n average, we spend about 93% of our time indoors, which means maintaining an ideal indoor humidity level is a must for healthy living. A moist environment is a breeding ground for bacteria and mold, and too much indoor moisture can also cause damage throughout your home.
When experiencing excessive indoor humidity, we can experience numerous unwanted symptoms, including watery eyes, coughing, sneezing, itching, fatigue, congestion, dizziness and respiratory infections.
That damp scent, mold, mildew or even rotting frames, don’t create the most appealing atmosphere, and they can even put you in a poor mood or lead to depression. One study found that there are “significant negative relationships between relative humidity and ‘mood scores,’ which represent a measure of happiness.” Other research has shown that feeling healthy, happiness, social affection, and physical strength can all be influenced by relative humidity levels.
Many people don’t understand why they feel ill so often, but it could very well be in the high level of indoor humidity in their environment that’s behind it. The good news is that back in the late 1980s, NASA began researching houseplants as a means of providing cleaner, purer air for its space station, and what they learned was that there are a number of houseplants that can help purify the air and balance indoor humidity, removing that unwanted stickiness and mold hazard. Some can even remove nasty air pollutants and toxins, including the biggest concerns: benzene, trichloroethylene, and formaldehyde, which could lead to serious health problems like asthma, cancer and various allergies.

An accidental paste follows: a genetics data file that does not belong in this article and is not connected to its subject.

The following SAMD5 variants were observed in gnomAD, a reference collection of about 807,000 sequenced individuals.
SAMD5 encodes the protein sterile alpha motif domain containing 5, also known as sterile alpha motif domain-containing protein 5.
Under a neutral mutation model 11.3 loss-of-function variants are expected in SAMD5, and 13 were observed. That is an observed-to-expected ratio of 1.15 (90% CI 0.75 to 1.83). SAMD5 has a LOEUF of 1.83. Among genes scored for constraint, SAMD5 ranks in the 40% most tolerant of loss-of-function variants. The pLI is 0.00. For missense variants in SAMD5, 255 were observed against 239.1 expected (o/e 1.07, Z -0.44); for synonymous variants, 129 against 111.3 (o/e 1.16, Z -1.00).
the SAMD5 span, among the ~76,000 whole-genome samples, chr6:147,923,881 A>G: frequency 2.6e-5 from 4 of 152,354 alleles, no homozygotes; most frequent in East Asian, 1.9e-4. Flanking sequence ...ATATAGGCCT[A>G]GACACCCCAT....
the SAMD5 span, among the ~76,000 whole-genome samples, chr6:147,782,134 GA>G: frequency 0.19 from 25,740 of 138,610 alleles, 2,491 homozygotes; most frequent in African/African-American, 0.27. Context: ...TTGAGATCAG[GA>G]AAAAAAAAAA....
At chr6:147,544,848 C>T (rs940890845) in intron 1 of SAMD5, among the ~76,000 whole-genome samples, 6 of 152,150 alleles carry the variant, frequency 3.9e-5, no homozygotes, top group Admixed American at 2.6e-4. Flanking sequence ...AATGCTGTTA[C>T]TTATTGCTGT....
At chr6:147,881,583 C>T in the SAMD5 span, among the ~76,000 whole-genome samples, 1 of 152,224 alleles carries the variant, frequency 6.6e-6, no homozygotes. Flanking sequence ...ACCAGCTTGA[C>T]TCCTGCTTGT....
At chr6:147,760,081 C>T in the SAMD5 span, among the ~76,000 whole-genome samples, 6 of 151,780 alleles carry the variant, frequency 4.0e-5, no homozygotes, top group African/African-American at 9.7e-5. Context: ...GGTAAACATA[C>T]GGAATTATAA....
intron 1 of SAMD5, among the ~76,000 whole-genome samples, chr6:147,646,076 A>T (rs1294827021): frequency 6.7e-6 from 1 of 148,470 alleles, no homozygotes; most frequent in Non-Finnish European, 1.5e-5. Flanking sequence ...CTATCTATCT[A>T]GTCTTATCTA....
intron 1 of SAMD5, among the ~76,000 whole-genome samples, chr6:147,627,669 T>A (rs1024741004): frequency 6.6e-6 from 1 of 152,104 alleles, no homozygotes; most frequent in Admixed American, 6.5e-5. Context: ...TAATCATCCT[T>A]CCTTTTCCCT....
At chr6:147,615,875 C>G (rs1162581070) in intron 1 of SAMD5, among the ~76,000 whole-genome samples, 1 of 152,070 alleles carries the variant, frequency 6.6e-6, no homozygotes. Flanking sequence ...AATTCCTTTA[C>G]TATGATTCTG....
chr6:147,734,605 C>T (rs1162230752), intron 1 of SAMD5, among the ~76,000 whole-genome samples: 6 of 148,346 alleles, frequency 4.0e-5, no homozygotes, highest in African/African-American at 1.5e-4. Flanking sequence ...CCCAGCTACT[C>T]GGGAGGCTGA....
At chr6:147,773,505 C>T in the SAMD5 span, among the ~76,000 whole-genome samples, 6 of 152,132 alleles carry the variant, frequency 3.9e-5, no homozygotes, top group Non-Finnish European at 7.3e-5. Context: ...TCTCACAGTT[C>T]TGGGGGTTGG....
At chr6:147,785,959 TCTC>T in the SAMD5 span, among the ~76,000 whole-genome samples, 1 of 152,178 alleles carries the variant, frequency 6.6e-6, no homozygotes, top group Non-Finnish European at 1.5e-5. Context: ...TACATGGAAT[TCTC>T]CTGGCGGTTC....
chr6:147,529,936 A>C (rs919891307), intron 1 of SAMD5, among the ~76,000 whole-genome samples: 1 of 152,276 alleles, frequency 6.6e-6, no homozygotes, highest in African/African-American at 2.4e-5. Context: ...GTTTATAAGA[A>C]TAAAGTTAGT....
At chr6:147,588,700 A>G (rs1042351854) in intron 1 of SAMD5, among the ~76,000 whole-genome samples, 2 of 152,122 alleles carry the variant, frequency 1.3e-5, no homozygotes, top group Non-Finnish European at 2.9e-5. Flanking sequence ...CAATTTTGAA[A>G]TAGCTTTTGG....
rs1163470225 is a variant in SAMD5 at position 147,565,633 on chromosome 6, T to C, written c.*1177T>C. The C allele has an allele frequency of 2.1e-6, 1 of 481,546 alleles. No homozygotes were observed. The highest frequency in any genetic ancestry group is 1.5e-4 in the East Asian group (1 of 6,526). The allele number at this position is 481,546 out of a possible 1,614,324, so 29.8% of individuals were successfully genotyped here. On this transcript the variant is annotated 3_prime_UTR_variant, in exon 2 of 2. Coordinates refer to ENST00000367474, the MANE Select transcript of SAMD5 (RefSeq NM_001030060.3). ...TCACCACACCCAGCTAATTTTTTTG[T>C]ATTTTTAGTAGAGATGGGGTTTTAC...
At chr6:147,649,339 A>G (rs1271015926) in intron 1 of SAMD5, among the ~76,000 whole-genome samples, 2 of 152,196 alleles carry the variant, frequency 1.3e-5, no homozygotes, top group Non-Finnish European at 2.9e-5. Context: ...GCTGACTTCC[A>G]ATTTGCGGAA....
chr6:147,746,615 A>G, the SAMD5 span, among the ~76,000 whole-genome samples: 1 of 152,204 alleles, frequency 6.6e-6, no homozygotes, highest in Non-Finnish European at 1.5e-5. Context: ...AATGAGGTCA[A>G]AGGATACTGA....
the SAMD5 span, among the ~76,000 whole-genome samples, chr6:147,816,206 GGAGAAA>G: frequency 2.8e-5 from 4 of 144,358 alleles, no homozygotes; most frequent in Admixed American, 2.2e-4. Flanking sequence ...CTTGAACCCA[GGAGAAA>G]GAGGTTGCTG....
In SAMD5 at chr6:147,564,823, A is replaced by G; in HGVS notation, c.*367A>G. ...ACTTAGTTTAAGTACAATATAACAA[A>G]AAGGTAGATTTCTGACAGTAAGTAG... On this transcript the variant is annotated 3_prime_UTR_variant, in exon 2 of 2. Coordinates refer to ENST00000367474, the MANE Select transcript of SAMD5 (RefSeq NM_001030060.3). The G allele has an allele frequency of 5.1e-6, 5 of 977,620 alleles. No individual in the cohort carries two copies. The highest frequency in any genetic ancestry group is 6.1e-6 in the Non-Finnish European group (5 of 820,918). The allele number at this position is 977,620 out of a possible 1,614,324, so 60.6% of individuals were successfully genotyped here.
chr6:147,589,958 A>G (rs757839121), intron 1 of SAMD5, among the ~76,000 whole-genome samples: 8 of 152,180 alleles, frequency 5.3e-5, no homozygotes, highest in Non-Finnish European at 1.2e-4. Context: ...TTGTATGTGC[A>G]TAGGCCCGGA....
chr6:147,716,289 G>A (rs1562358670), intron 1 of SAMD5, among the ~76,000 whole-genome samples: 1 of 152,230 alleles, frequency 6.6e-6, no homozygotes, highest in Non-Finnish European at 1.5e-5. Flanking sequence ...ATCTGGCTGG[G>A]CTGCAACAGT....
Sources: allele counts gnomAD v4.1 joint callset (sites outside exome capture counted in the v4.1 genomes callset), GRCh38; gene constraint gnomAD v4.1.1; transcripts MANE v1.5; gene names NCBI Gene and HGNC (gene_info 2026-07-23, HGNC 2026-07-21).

Who would have thought that by doing something as simple as bringing in houseplants we could get rid of the yeck and improve our health and well-being?
The next time you head to your local nursery or garden store, be sure to pick up one or more of these. Just remember to never let your plants sit in stagnant water as you’ll counteract the beneficial effects – as soon as the water has drained through the soil and into the tray below, dispose of it. You can also discourage mold growth on the top of the soil by covering it with Spanish moss or a bit of aquarium gravel.